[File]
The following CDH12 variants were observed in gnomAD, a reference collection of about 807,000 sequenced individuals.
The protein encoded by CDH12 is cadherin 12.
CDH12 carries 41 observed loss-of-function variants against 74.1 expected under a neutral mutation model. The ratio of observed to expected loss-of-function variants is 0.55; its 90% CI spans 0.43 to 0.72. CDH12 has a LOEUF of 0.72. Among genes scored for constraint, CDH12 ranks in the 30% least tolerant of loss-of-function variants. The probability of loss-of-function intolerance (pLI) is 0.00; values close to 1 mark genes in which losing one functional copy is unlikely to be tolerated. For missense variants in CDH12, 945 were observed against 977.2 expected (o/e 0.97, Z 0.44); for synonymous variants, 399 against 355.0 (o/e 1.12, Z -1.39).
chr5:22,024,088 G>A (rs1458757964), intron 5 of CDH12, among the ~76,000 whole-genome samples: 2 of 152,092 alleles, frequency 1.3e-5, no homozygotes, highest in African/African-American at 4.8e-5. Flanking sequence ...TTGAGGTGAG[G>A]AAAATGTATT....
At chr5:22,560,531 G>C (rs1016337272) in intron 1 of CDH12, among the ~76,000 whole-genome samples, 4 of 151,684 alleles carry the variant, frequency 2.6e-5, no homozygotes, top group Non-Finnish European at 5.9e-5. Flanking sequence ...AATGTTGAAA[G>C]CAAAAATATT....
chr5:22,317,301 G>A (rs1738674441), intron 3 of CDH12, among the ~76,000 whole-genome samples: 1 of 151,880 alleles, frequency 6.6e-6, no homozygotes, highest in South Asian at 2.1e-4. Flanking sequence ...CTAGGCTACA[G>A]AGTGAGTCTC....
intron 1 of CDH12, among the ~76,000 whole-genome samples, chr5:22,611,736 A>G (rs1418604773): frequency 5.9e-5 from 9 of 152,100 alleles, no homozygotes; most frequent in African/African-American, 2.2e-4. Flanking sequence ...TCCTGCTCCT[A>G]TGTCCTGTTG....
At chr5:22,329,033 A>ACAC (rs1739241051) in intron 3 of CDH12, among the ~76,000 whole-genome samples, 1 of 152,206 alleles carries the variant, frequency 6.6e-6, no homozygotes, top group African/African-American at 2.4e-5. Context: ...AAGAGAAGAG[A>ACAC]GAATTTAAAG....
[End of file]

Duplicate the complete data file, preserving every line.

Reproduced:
The following CDH12 variants were observed in gnomAD, a reference collection of about 807,000 sequenced individuals.
The protein encoded by CDH12 is cadherin 12.
CDH12 carries 41 observed loss-of-function variants against 74.1 expected under a neutral mutation model. The ratio of observed to expected loss-of-function variants is 0.55; its 90% CI spans 0.43 to 0.72. CDH12 has a LOEUF of 0.72. Among genes scored for constraint, CDH12 ranks in the 30% least tolerant of loss-of-function variants. The probability of loss-of-function intolerance (pLI) is 0.00; values close to 1 mark genes in which losing one functional copy is unlikely to be tolerated. For missense variants in CDH12, 945 were observed against 977.2 expected (o/e 0.97, Z 0.44); for synonymous variants, 399 against 355.0 (o/e 1.12, Z -1.39).
chr5:22,024,088 G>A (rs1458757964), intron 5 of CDH12, among the ~76,000 whole-genome samples: 2 of 152,092 alleles, frequency 1.3e-5, no homozygotes, highest in African/African-American at 4.8e-5. Flanking sequence ...TTGAGGTGAG[G>A]AAAATGTATT....
At chr5:22,560,531 G>C (rs1016337272) in intron 1 of CDH12, among the ~76,000 whole-genome samples, 4 of 151,684 alleles carry the variant, frequency 2.6e-5, no homozygotes, top group Non-Finnish European at 5.9e-5. Flanking sequence ...AATGTTGAAA[G>C]CAAAAATATT....
chr5:22,317,301 G>A (rs1738674441), intron 3 of CDH12, among the ~76,000 whole-genome samples: 1 of 151,880 alleles, frequency 6.6e-6, no homozygotes, highest in South Asian at 2.1e-4. Flanking sequence ...CTAGGCTACA[G>A]AGTGAGTCTC....
intron 1 of CDH12, among the ~76,000 whole-genome samples, chr5:22,611,736 A>G (rs1418604773): frequency 5.9e-5 from 9 of 152,100 alleles, no homozygotes; most frequent in African/African-American, 2.2e-4. Flanking sequence ...TCCTGCTCCT[A>G]TGTCCTGTTG....
At chr5:22,329,033 A>ACAC (rs1739241051) in intron 3 of CDH12, among the ~76,000 whole-genome samples, 1 of 152,206 alleles carries the variant, frequency 6.6e-6, no homozygotes, top group African/African-American at 2.4e-5. Context: ...AAGAGAAGAG[A>ACAC]GAATTTAAAG....